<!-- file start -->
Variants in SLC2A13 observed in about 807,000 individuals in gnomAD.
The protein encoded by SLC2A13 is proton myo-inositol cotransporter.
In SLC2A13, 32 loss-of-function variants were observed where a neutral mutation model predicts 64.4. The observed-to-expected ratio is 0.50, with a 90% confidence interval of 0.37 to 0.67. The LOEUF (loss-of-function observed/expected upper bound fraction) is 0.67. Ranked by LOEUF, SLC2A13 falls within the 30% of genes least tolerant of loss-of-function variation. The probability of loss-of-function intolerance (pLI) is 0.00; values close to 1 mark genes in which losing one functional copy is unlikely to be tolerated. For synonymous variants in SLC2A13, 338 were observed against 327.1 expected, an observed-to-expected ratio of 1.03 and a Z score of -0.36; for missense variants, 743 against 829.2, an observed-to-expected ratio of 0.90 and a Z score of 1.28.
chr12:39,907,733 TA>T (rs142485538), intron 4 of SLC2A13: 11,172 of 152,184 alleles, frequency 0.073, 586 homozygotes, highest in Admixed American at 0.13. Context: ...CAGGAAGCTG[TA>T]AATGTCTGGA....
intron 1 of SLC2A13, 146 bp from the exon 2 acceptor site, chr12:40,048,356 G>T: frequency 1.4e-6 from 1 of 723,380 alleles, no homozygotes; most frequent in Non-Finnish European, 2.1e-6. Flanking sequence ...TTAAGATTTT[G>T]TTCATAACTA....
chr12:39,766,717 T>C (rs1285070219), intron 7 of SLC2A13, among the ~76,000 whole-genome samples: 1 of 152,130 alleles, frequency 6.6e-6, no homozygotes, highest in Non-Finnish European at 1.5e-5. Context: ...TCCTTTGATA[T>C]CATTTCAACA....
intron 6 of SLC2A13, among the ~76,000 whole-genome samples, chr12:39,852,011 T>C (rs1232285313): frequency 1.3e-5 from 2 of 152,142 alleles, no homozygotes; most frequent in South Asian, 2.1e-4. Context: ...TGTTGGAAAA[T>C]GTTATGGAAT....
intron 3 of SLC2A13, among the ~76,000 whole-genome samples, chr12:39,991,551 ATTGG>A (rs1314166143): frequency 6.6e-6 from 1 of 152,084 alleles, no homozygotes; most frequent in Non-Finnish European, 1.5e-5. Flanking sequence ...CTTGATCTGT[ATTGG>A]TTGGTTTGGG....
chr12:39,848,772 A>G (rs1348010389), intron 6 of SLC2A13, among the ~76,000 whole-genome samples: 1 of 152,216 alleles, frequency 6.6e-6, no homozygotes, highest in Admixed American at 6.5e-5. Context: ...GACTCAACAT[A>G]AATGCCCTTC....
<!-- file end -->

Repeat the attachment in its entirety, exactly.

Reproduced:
Variants in SLC2A13 observed in about 807,000 individuals in gnomAD.
The protein encoded by SLC2A13 is proton myo-inositol cotransporter.
In SLC2A13, 32 loss-of-function variants were observed where a neutral mutation model predicts 64.4. The observed-to-expected ratio is 0.50, with a 90% confidence interval of 0.37 to 0.67. The LOEUF (loss-of-function observed/expected upper bound fraction) is 0.67. Ranked by LOEUF, SLC2A13 falls within the 30% of genes least tolerant of loss-of-function variation. The probability of loss-of-function intolerance (pLI) is 0.00; values close to 1 mark genes in which losing one functional copy is unlikely to be tolerated. For synonymous variants in SLC2A13, 338 were observed against 327.1 expected, an observed-to-expected ratio of 1.03 and a Z score of -0.36; for missense variants, 743 against 829.2, an observed-to-expected ratio of 0.90 and a Z score of 1.28.
chr12:39,907,733 TA>T (rs142485538), intron 4 of SLC2A13: 11,172 of 152,184 alleles, frequency 0.073, 586 homozygotes, highest in Admixed American at 0.13. Context: ...CAGGAAGCTG[TA>T]AATGTCTGGA....
intron 1 of SLC2A13, 146 bp from the exon 2 acceptor site, chr12:40,048,356 G>T: frequency 1.4e-6 from 1 of 723,380 alleles, no homozygotes; most frequent in Non-Finnish European, 2.1e-6. Flanking sequence ...TTAAGATTTT[G>T]TTCATAACTA....
chr12:39,766,717 T>C (rs1285070219), intron 7 of SLC2A13, among the ~76,000 whole-genome samples: 1 of 152,130 alleles, frequency 6.6e-6, no homozygotes, highest in Non-Finnish European at 1.5e-5. Context: ...TCCTTTGATA[T>C]CATTTCAACA....
intron 6 of SLC2A13, among the ~76,000 whole-genome samples, chr12:39,852,011 T>C (rs1232285313): frequency 1.3e-5 from 2 of 152,142 alleles, no homozygotes; most frequent in South Asian, 2.1e-4. Context: ...TGTTGGAAAA[T>C]GTTATGGAAT....
intron 3 of SLC2A13, among the ~76,000 whole-genome samples, chr12:39,991,551 ATTGG>A (rs1314166143): frequency 6.6e-6 from 1 of 152,084 alleles, no homozygotes; most frequent in Non-Finnish European, 1.5e-5. Flanking sequence ...CTTGATCTGT[ATTGG>A]TTGGTTTGGG....
chr12:39,848,772 A>G (rs1348010389), intron 6 of SLC2A13, among the ~76,000 whole-genome samples: 1 of 152,216 alleles, frequency 6.6e-6, no homozygotes, highest in Admixed American at 6.5e-5. Context: ...GACTCAACAT[A>G]AATGCCCTTC....